Choosing a life in Tryon

Published 11:44 pm Wednesday, August 6, 2014

When I auditioned for a commercial once in Los Angeles, the casting director asked me, “If you could live anywhere in the world, where would it be?” I was stumped by the question (and consequently blew the audition), because I thought that well, I can live anywhere in the world, and I chose to live in L.A.

I loved living in L.A., and stayed for 27 years, and part of what I loved about it was meeting so many other people who had moved there with a purpose. Most people I knew were in the entertainment business, as was I, and we’d all left our lives behind at some point and ventured to Los Angeles because we had an interest in the business and wanted to be there.

I recall hearing a rare “I hate it here” from someone in L.A. and the response from another person in the conversation was, “The borders are open.”

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Being among people who loved where they lived was a pleasure. And being here in Tryon is a pleasure for many reasons, and that’s definitely one.

I have met some native Tryonites as well as some whose families have been in the area for generations. But most of the people I’ve met came here with a purpose from someplace else. They came to Tryon because they love Tryon, and it’s wonderful to witness that kind of pride in a new-found home.

Many of my new Tryon friends are retired, and they carefully researched their options before choosing to live here. Some friends came and started businesses or bought one or brought their own. But I know of very few whose employers brought them here, and of those, their employers are in nearby towns and cities, and Tryon was still a deliberate choice for a home. Most of the people I’ve discussed this with came because they wanted to and not because they needed to.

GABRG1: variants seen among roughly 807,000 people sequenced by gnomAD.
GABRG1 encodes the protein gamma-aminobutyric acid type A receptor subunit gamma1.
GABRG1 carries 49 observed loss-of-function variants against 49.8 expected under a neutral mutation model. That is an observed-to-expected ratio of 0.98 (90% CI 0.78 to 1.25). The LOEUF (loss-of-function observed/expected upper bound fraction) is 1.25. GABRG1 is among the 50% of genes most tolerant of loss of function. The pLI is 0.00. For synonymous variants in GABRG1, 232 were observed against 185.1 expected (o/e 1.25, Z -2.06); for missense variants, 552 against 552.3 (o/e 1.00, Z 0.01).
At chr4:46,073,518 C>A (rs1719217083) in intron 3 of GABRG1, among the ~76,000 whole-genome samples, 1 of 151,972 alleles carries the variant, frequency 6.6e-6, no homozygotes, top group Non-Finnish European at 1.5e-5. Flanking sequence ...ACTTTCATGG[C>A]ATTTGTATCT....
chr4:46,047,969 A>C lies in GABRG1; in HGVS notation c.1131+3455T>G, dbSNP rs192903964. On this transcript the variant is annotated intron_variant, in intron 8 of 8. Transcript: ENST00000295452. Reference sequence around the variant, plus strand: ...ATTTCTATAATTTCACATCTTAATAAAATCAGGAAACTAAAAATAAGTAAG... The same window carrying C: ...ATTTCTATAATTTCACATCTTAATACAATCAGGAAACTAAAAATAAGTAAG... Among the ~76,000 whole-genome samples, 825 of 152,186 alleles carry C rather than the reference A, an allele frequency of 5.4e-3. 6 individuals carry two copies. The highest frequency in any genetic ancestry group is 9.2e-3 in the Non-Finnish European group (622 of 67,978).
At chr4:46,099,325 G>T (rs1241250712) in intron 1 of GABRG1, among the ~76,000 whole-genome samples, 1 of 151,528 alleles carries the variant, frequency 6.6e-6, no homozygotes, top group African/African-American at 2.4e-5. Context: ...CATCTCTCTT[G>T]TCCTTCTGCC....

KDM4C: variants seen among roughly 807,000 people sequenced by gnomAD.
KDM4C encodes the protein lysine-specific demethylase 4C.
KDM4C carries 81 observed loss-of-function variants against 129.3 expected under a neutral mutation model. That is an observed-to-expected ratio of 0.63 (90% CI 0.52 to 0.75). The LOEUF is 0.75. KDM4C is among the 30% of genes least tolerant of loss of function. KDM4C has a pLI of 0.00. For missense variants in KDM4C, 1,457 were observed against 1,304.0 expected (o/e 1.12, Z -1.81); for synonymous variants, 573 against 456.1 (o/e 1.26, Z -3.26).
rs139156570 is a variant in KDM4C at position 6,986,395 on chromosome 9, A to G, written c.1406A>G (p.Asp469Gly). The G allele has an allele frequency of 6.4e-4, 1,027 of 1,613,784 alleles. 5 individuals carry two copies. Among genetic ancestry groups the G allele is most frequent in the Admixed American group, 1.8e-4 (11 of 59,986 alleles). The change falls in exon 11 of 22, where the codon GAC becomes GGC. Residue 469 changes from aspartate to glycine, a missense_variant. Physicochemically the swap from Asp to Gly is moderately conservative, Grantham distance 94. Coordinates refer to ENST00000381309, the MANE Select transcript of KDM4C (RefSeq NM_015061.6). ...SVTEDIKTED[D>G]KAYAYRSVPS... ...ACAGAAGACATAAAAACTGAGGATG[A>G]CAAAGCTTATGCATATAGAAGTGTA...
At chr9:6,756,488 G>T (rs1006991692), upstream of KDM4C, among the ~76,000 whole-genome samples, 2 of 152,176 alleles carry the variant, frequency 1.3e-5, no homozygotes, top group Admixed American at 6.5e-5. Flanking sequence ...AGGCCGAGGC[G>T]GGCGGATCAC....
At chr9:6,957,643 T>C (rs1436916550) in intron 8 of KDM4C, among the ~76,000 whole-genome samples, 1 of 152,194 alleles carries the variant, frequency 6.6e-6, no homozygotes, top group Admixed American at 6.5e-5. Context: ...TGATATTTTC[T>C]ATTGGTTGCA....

I think that’s a big part of what makes Tryon so special.

I’m not implying that natives are less enamored with Tryon. In fact, those that have stayed often have an even bigger pride in their home than those of us who selected it and moved here.

When my husband and I took our Polk County History class at the Polk County Historical Museum in Columbus, we learned about many of the native families. In fact the class was taught by Anna Pack Connor whose family has been here in Polk County as far back as the 1700s.

Anna is a retired business teacher from Polk County High School, and will be the first to tell you she is not a trained historian, but her love for the history of this place shows in her teaching and in the books she has painstakingly researched and published, and her enthusiasm spread easily among her students.

Paul and I had already bought and read some of Anna’s books along with others on the region. Penny Padgett at The Book Shelf, who coincidentally was also a student in our class, has a well-stocked section in her shop on history of the area, and we’ve devoured quite a few of her books.

Paul and I are both from Western North Carolina, and our move here from Los Angeles blossomed from an idea to “go home.”

Paul was born in Brevard and I was born in Chattanooga, and we both grew up in Asheville, attending Asheville High School together in the mid-seventies. Twenty-eight years later, we re-met and married and started the conversation about getting back to North Carolina.

I can’t take credit for choosing Tryon in particular as I knew very little about it really. Paul did though, and fortunately, I listened to him when he promised we’d have a good life here.

So we came and became what I’ve heard a friend call “the offs”—people who came from off somewhere else. This same friend who grew up nearby said he’d always heard Tryon was full of them. Apparently it was, and it still is.

In this case, I’m happy to be a little off.